Michele K. Koskinen
Every year I try one new annual flower in my perennial garden. Perennials are my favorites but the blooming times often leave "Holes" in blooms and color during the growing season. Changing the look of a perennial garden can be accomplished by adding annuals and providing additional color or texture to the garden. The timing of color and bloom can also be achieved by planting perennials according to bloom time. My answer to keeping the garden interesting is planting annuals and using foliage as a backdrop..
Last year I used Cleome hassleriana, commonly known as spider flower or spider plant, this year, I think I will add Dahlia's and continue with the Cleome. Both have a distinctive texture that works well with the smooth leaves of Iris and Sedum.
The definition of the Dahlia from wilipedia:
Dahlia (UK // or US //) is a genus of bushy, tuberous,herbaceous perennial plants native mainly in Mexico, but also Central America, and Colombia. A member of the Asteraceae or Compositae,dicotyledonous plants, related species include the sunflower, daisy, chrysanthemum and zinnia. There are at least 36 species of dahlia, with hybrids commonly grown as garden plants.
The over 20,000 Dahlia cultivars range from small 1" to a dinner plate size 10" and from from 1.5 to 5.5ft in height. The flower has no scent and is noted mainly for it's color and texture. Petal shapes can be as simple as a single petal around the center to the more complicated textural ball, split, twisted, tubular, curled, spider or more.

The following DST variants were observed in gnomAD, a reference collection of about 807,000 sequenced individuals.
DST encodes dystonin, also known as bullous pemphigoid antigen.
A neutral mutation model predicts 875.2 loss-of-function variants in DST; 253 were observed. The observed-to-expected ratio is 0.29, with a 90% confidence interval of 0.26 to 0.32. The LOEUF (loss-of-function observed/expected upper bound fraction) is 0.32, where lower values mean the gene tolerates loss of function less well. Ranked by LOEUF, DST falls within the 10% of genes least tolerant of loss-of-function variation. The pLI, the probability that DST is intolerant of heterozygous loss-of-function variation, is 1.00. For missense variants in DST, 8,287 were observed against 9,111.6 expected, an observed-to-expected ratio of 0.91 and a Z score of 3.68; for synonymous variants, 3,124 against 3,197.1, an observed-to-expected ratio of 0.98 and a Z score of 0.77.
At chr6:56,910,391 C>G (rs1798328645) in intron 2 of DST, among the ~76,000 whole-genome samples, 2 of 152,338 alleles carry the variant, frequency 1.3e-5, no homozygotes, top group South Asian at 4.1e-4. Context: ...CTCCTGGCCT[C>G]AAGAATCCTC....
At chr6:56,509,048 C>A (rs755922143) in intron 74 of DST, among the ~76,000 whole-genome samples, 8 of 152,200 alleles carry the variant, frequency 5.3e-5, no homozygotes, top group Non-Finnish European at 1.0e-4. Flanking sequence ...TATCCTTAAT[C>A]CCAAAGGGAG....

The texture and design of the dahlia is what makes it a beautiful cut flower for the gardener. Since I choose flowers for texture more than any other design element, the Dahlia should be perfect.
Dahlias, sun loving annuals, are planted in the spring and if in zone 7 or below will need to be dug up in the late fall and stored accordingly for the winter.
They like well drained soil, do not like high nitrogen content fertilizer (do not overfeed) and will need to be water deeply after the tubers have sprouted not before, and twice a week in the summer. The operative word is deeply. They should not be mulched near the crown or stem to prevent rot and should be staked as they tend to be top heavy. Cutting will make them bushier and they will produce more flowers as do many other flowering plants. So cut away for those beautiful indoor bouquets. Dahlias like Hosta may also be a slug magnet so prepare the bed to prevent the slugs from having a night snack.
And finally, for me, it will introduce another annual to my garden that will provide texture, color and interest when the perennials around it fade from view.
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